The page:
El Niño ending; at least 60 percent chance of La Niña developing during July-Sept: WMO

The IMD had forecast above-normal rain in the monsoon season in India with favourable La Niña conditions expected by August-September.

ByPTI

Published Jun 03, 2024 | 4:26 PMUpdatedJun 03, 2024 | 4:26 PM

Rainfall

The 2023/24 El Niño event, which drove record-breaking temperatures and extreme weather around the world, is predicted to transition to La Niña conditions later this year, according to a new update from the World Meteorological Organisation (WMO).

The world experienced the warmest April ever and the eleventh consecutive month of record-high temperatures. Sea surface temperatures have been record-high for the past 13 months, according to the WMO.

The WMO said this is happening due to the naturally occurring El Niño — the unusual warming of waters in the central and eastern Pacific Ocean — and the additional energy trapped in the atmosphere and ocean by greenhouse gases from human activities.

Amid a prevailing but weakening El Niño, millions of people in South Asia, including India and Pakistan, endured brutal heat in April and May.

Also Read: India saw extreme weather events almost every day in the first 9 months of 2023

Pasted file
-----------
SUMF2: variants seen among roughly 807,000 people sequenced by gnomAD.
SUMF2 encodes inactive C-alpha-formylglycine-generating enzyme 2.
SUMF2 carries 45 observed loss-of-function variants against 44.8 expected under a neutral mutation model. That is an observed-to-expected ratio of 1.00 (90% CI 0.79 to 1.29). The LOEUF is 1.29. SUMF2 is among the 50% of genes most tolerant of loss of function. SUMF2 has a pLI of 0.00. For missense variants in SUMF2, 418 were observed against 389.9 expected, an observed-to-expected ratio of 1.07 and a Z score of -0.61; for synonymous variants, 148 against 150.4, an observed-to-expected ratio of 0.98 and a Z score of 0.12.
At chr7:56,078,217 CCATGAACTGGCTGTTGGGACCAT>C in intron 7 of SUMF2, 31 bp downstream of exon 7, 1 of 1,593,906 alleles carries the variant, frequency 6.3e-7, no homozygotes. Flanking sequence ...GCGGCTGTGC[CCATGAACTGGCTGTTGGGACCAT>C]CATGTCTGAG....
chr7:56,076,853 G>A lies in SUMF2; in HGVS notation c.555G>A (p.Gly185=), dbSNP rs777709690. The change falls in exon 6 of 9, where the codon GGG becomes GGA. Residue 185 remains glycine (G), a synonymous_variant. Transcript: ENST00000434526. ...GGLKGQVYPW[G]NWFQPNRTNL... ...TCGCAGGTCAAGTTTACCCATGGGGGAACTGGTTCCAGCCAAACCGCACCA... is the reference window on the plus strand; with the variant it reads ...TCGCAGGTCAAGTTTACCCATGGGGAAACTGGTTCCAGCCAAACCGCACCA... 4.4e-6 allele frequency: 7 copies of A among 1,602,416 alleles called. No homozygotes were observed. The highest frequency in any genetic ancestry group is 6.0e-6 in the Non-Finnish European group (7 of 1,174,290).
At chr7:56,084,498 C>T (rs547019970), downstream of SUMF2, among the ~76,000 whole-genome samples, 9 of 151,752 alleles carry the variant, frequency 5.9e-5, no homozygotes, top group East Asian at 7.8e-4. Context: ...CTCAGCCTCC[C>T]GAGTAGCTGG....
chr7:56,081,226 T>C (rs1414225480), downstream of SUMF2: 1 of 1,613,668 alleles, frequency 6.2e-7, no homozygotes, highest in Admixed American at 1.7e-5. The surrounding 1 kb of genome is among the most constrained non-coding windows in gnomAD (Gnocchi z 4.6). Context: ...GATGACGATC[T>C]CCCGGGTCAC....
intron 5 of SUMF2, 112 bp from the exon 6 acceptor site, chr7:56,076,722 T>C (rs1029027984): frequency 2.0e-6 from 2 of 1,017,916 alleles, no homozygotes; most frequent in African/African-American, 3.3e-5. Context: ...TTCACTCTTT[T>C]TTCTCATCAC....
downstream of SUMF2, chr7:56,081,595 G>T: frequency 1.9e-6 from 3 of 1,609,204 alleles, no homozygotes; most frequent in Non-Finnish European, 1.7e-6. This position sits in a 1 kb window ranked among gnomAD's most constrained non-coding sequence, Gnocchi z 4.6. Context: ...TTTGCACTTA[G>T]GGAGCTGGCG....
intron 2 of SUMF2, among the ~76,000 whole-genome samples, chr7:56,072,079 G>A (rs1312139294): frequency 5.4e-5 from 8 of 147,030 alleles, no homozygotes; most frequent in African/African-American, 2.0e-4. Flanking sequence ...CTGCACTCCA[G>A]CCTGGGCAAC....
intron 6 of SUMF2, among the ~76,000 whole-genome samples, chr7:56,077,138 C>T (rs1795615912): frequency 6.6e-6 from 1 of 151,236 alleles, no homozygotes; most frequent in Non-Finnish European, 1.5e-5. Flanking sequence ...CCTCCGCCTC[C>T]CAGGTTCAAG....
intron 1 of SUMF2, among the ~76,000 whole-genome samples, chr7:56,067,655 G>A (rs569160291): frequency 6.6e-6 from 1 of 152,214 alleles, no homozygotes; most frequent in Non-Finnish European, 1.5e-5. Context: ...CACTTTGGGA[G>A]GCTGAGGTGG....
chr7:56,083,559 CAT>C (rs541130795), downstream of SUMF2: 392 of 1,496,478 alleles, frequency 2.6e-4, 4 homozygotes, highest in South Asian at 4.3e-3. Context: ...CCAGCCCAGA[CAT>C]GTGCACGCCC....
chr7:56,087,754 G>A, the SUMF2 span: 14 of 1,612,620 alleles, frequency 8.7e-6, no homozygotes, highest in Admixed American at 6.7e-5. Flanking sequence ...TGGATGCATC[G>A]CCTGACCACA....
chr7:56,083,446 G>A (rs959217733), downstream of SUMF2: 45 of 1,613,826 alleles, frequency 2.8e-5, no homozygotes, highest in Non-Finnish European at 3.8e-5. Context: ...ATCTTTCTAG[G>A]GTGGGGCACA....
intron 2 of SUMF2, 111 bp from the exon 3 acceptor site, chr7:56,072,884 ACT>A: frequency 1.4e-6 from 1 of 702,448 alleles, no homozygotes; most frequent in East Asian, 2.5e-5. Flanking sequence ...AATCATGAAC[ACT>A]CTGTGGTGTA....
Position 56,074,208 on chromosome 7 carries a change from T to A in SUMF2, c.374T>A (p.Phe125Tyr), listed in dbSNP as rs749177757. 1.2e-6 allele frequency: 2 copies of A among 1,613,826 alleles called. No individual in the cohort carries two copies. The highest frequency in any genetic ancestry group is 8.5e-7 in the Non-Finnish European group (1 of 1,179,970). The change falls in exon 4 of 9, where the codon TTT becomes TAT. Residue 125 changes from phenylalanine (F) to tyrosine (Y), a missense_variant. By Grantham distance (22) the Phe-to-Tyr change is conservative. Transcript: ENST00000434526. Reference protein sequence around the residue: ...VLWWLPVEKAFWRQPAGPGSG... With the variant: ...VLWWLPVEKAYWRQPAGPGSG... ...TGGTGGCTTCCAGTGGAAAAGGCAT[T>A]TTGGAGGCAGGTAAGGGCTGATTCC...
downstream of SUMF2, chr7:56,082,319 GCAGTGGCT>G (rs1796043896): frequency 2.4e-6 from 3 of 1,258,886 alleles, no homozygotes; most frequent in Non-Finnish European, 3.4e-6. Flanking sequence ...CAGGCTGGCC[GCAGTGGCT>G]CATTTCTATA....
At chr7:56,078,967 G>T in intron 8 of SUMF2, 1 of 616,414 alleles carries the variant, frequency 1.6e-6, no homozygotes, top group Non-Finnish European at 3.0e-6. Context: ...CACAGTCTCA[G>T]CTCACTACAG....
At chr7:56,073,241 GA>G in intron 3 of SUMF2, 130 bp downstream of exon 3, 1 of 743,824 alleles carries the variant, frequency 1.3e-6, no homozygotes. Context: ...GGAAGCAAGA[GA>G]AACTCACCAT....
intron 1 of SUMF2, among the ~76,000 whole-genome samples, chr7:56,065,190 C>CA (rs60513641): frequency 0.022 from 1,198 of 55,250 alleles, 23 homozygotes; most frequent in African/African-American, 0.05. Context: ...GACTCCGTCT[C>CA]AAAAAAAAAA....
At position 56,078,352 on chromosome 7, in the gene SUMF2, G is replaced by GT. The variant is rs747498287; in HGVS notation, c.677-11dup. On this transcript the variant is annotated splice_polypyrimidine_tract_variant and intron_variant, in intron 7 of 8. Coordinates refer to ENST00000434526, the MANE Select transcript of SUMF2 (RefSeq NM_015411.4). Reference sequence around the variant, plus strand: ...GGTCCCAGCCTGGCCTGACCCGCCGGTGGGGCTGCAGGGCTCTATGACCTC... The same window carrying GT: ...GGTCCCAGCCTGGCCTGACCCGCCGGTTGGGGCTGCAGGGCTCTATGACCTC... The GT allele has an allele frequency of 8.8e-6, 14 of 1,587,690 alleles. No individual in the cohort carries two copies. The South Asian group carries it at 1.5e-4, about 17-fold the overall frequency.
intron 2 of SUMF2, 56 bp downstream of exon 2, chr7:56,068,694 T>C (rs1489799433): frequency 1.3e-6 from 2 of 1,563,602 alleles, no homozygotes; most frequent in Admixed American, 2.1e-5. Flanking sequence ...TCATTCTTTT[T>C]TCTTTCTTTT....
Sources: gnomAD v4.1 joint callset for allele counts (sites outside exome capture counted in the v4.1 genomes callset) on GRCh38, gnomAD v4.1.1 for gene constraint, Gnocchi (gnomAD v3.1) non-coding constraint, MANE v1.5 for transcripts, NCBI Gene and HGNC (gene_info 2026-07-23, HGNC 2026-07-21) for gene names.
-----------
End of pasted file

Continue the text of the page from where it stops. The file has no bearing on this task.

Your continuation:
La Nina in June- August

The latest forecasts from the WMO Global Producing Centres of Long-Range Forecasts give equal chances (50 percent) of either neutral conditions or a transition to La Niña during June-August.

The chance of La Niña conditions increases to 60 percent during July to September and 70 percent during August to November.

The probability of El Niño redeveloping is negligible during this time, the WMO said.

While El Niño is associated with weaker monsoon winds and drier conditions in India, La Niña— the antithesis of El Niño — leads to plentiful rainfall during the monsoon.

Last month, the India Meteorological Department (IMD) had forecast above-normal rain in the monsoon season in India with favourable La Niña conditions expected to set in by August-September.

The monsoon is critical for India’s agricultural landscape, with 52 percent of the net cultivated area relying on it. It is also crucial for replenishing reservoirs critical for drinking water, apart from power generation across the country.

Also Read: South West monsoon intensifies in Kerala; trigger landslides, disrupts normal life

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